May is the Month for Gardening!

If you are like many green thumbs, you have been itching to dig in the dirt for months, and may have even started some bedding plants and vegetables from seed in the house, in anticipation of warmer weather. But even if you aren’t a budding gardener, there are still some tasks you can do in the month of May to get your garden going, with homegrown vegetables ready to harvest later in the summer, and colorful flowers all season long. Here are just some of the tasks you can tackle this month:

General lawn maintenance: 

  • May is the best month for fertilizing your lawn, typically. If you fertilized recently, wait at least four weeks before fertilizing again. An all-purpose, high nitrogen fertilizer is sufficient for most lawns.
  • Aerate your lawn, which allows better water penetration.
  • When mowing, keep lawns fairly long. This encourages deeper root growth, and allows the grass to endure the dryer summer conditions better with less watering. When mowing, you should not be removing more than 1/3 of the length of the grass a time.
  • Avoid using chemical pesticides and herbicides, as these are detrimental to the environment and harm honey bees. There are some natural ways to get rid of weeds, but they might require a little more work if your lawn is heavily infested. Here are some ideas for getting rid of weeds without harsh chemicals (just avoid #12, as it’s not safe for dry/fire-prone areas).

Care for shrubs and trees: 

  • Prune back uneven growth on ornamental bushes.
  • Remove dead wood when ever you see it.
  • Azaleas, camellias and rhododendrons prefer acid-type fertilizer after blooming. You can also recycle coffee grounds as a mulch/fertilizer for these ornamental bushes.
  • Fertilize citrus trees with a fertilizer combination that includes iron.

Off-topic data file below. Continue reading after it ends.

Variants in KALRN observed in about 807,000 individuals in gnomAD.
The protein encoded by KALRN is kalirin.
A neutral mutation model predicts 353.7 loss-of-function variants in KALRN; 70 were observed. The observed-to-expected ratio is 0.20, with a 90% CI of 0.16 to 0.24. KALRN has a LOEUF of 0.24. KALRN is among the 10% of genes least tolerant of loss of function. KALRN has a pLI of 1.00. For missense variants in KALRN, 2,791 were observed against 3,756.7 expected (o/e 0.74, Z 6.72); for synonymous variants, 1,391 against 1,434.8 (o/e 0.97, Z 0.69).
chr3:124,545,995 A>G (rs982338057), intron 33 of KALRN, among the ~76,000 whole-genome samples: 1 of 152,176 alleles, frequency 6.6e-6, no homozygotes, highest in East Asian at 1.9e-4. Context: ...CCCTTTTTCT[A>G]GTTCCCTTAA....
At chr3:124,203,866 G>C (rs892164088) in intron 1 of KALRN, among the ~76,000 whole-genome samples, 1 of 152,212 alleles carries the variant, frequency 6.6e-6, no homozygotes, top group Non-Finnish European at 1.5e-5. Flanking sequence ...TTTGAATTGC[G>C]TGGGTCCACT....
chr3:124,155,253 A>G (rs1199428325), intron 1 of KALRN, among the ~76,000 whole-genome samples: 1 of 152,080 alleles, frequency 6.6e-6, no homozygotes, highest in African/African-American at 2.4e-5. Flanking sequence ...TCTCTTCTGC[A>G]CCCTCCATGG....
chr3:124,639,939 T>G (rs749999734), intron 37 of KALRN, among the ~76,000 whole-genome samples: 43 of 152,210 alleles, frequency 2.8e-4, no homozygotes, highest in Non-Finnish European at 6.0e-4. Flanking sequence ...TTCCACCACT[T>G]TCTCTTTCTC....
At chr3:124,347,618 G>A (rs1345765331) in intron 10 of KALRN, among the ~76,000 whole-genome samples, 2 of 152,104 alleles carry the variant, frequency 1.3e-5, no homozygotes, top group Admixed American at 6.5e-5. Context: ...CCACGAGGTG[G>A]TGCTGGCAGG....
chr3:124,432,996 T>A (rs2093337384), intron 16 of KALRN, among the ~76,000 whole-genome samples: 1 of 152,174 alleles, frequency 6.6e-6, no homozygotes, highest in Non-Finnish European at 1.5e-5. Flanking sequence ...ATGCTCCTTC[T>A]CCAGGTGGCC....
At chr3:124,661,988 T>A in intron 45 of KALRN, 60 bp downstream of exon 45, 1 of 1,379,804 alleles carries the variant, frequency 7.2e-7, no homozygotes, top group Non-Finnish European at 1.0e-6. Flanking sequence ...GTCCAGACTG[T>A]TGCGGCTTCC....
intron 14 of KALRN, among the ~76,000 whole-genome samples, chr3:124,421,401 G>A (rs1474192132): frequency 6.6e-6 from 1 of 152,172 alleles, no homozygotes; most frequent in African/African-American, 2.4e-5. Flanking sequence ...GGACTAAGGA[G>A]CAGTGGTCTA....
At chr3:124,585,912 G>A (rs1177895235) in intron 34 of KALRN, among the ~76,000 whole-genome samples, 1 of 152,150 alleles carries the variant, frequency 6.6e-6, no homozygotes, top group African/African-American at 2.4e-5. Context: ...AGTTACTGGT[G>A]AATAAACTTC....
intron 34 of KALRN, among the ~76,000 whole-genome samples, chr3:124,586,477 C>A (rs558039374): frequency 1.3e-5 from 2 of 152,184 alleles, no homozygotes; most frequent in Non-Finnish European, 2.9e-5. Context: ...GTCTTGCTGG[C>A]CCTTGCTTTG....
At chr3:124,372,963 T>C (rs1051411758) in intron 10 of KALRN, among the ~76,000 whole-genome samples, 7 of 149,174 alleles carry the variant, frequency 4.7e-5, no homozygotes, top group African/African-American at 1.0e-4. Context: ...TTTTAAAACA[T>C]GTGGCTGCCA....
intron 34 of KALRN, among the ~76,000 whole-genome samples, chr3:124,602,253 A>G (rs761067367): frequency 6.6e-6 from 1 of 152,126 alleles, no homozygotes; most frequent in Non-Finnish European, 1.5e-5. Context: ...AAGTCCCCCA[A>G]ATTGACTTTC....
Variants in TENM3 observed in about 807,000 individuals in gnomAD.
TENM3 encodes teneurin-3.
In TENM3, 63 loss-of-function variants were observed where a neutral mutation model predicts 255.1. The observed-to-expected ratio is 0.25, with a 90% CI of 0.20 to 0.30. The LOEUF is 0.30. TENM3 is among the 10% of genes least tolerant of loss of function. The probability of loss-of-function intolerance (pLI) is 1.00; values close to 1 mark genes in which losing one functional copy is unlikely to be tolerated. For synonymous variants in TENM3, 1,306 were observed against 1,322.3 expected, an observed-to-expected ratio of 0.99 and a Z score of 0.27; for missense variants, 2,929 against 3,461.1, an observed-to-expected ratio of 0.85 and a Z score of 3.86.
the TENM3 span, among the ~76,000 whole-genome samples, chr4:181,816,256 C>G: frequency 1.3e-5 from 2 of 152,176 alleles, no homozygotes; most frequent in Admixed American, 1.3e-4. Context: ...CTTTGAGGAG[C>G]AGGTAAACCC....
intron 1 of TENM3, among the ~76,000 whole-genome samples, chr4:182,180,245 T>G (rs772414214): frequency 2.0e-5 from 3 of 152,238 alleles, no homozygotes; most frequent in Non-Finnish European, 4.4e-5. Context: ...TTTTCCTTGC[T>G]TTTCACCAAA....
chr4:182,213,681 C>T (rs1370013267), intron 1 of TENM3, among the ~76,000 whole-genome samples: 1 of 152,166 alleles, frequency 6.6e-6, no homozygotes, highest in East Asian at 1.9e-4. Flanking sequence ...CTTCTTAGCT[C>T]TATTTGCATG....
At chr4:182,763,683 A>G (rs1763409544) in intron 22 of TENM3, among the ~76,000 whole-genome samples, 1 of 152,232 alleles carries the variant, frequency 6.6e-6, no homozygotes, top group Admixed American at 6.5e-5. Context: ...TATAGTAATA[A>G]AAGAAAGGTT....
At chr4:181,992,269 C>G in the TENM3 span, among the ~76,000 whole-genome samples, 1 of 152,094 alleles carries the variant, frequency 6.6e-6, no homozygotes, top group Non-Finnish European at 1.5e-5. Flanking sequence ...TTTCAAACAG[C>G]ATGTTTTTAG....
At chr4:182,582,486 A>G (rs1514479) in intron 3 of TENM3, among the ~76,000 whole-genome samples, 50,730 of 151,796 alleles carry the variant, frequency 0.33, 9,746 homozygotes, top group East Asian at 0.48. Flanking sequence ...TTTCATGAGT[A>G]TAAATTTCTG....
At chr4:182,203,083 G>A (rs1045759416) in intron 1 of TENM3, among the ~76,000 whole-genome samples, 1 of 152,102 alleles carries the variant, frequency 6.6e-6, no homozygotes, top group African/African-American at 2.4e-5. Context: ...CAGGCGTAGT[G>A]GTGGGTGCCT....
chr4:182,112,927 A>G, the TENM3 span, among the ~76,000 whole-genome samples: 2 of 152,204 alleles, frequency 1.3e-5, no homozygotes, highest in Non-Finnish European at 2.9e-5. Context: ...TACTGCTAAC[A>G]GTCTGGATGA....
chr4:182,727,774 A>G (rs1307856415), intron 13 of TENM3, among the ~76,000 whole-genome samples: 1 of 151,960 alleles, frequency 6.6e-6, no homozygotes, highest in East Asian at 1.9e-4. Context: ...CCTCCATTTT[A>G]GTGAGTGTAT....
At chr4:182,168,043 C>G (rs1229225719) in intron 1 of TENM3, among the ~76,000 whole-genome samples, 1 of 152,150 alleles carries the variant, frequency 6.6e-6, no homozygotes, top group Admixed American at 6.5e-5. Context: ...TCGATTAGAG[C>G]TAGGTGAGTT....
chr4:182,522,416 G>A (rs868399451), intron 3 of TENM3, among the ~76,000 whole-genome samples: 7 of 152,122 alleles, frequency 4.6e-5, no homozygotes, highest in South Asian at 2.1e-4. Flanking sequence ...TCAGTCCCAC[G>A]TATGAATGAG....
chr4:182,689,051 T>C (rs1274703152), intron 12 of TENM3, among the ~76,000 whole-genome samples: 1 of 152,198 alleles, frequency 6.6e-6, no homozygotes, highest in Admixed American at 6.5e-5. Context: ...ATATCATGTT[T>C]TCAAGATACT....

• Thin fruits on fruit trees. This is necessary to prevent limbs breaking as the fruit grows, and to allow remaining fruit space and resources to grow larger. Here is a handy guide for thinning fruit trees.

Flowerbeds:

  • Hand weed flower beds, rather than using harsh chemicals. If you choose to use any of the natural weed treatments in the link above, make sure you protect your perennials and annuals from any splatter or overspray, as they could kill desirable plants as well as undesirable weeds.
  • Use natural methods to get rid of slugs and snails.
  • Fertilize with a high nitrogen fertilizer for most perennials and established annuals. Don’t fertilize newly planted annuals, as they need some time to root in before they start growing above ground.
  • Some flowers that are easy to grow from seed are: coreopsis, cosmos, marigold and zinnia. You can plant those in May in your flower beds. Other flowering annuals are better to plant from bedding plant flats from your local nursery or garden center.
  • Mulch flower beds to help reduce weeds and help the soil retain moisture.

Vegetable Gardens:

Once we get into May, it’s generally safe to plant most vegetable garden seeds and plants that require a summer growing season. Some veggies take too long to grow from seed (unless you started them indoors in pots), so you will need to buy nursery-grown plants from your nursery or garden center.

  • Vegetables you can grow from seed: bush beans, carrots, chard, corn, cucumbers, melons, pumpkins, radishes and squash.
  • Vegetables you can grow from nursery-grown plants: Eggplant, peppers and tomato.

Let my team at Keystone Realtors® meet all your real estate needs. Paul Phangureh has over 16 years of experience in buying and selling in the Santa Clara and San Mateo County areas, specializing in the high-end, luxury market, as well as commercial and multi-use real estate. We can help you navigate the process of getting started with real estate investment. Visit our website at Keystonesv.com for listings and information. You can contact Paul at 650-924-2544, or email at paul@keystonesv.com.

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